Much has been said about Web2.0 about being a “conversation” between parties on the Internet- shifting from the “broadcast” model of radio and TV where listeners were passive receivers of information to listeners being actively engaged in conversation. Web 2.0 conversations are happening many places, have been enabled by many service providers, including Austin’s own Bazaar Voice. Yet there is a shift happening, a major shift.
Just like the Internet was not “just like TV, but better”, the shift that is coming is not “just like Web 2.0 but better”. A fundamental shift is occurring. Do you see it?
Activities on the Internet are shifting from (1) broadcast to (2) Web 2.0 conversations to (3) cooperation (taking action together). Greater than at any point in the history of the Internet cooperative behaviors are taking place- where people are not just talking with each other, but an even greater amount of collective action is happening…. and in this, what is significant is not the large system collective action (as an example, political campaigns like the Obama campaign) but the small scale activities. What is unique about these new small scale activities, compared to grass roots activities of the past? This is not just grass roots happening, but the fact that these small scale activities are producing real business impact. Small groups of entrepreneurs around the world are connecting together, getting real work done, and creating better economic outcomes.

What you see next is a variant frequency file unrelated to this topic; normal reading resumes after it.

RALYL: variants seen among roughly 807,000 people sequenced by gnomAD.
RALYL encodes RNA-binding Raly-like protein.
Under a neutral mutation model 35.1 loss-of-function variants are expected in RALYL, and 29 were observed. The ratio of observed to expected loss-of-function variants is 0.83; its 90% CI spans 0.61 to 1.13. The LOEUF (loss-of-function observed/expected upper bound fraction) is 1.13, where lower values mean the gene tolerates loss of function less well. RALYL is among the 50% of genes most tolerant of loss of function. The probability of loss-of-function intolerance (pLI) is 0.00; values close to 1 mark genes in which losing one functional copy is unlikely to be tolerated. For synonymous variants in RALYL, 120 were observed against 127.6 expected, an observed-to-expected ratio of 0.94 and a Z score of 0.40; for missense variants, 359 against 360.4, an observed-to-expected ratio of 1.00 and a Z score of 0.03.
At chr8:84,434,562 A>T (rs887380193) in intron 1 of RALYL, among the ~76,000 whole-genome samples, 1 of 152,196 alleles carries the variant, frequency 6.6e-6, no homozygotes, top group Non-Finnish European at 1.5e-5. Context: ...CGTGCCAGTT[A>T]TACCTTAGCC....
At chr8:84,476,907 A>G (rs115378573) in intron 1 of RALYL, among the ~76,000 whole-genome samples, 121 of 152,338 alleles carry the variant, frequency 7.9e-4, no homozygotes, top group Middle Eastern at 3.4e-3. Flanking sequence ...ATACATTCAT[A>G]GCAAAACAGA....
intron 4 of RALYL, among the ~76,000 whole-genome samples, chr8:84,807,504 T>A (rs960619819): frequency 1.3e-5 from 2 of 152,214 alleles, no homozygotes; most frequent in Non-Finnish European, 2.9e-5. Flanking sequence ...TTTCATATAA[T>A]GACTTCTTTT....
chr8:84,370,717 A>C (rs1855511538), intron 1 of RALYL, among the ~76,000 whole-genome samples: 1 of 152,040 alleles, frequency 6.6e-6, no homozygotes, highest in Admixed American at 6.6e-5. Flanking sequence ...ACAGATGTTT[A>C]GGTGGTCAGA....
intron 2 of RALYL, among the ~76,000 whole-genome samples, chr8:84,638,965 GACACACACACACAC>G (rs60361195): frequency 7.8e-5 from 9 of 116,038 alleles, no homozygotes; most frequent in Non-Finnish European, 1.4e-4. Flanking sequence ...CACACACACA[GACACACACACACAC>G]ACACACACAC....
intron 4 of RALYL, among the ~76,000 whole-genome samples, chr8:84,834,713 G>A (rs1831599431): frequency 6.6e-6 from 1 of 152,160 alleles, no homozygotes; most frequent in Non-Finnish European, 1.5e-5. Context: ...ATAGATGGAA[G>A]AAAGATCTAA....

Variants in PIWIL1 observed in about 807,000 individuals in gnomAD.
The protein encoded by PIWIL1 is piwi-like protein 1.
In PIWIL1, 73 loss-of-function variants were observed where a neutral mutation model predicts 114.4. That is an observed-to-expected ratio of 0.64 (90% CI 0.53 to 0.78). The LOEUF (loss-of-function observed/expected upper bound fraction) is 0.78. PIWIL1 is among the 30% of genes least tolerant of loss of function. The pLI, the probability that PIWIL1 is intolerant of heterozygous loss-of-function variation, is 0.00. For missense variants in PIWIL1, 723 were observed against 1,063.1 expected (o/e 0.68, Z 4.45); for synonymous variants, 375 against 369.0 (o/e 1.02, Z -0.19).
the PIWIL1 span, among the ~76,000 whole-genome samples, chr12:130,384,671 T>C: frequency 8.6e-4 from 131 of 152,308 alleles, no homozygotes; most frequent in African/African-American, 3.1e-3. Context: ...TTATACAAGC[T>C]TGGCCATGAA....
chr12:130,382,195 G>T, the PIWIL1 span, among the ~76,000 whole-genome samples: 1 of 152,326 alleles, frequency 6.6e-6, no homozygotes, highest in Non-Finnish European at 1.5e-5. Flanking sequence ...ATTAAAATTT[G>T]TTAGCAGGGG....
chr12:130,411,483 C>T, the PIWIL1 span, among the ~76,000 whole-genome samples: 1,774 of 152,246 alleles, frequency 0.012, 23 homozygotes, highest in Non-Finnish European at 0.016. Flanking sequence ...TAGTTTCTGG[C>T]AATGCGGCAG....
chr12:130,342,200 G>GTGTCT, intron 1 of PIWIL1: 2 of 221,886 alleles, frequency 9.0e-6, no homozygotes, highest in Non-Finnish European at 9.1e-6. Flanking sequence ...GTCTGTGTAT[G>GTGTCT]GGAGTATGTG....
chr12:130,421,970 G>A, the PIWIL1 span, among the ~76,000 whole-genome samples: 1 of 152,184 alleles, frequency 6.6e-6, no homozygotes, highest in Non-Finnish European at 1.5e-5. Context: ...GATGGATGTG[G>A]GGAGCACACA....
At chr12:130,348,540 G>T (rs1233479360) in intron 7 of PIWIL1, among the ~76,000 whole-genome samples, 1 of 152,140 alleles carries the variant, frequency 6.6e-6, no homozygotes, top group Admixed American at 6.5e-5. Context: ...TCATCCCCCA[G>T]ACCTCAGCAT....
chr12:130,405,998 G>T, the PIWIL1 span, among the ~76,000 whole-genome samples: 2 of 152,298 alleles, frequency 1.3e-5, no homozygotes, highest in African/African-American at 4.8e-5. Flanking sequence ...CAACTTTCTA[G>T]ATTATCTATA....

For myself, I have been doing this round the world with working with software developers world-wide- and other business people both in Austin as well as at considerable distance. Constraints- whether they be financial, skills, or resource limitations are being more easily overcome than at any point in the history of the world. Cooperation, not just conversation is the new, coming language of the Internet. We see this already in open source software projects and in the remix of certain parts of the music industry… but cooperation is not going to stop there. Although risk abound, a new language and new practices for cooperating world-wide is emerging. We’ll keep around Web 2.0 just like we have kept around our old TV’s… but it is time to make space for the cooperation-economy, and realize that it is not going to be “just like Web 2.0 but better.”
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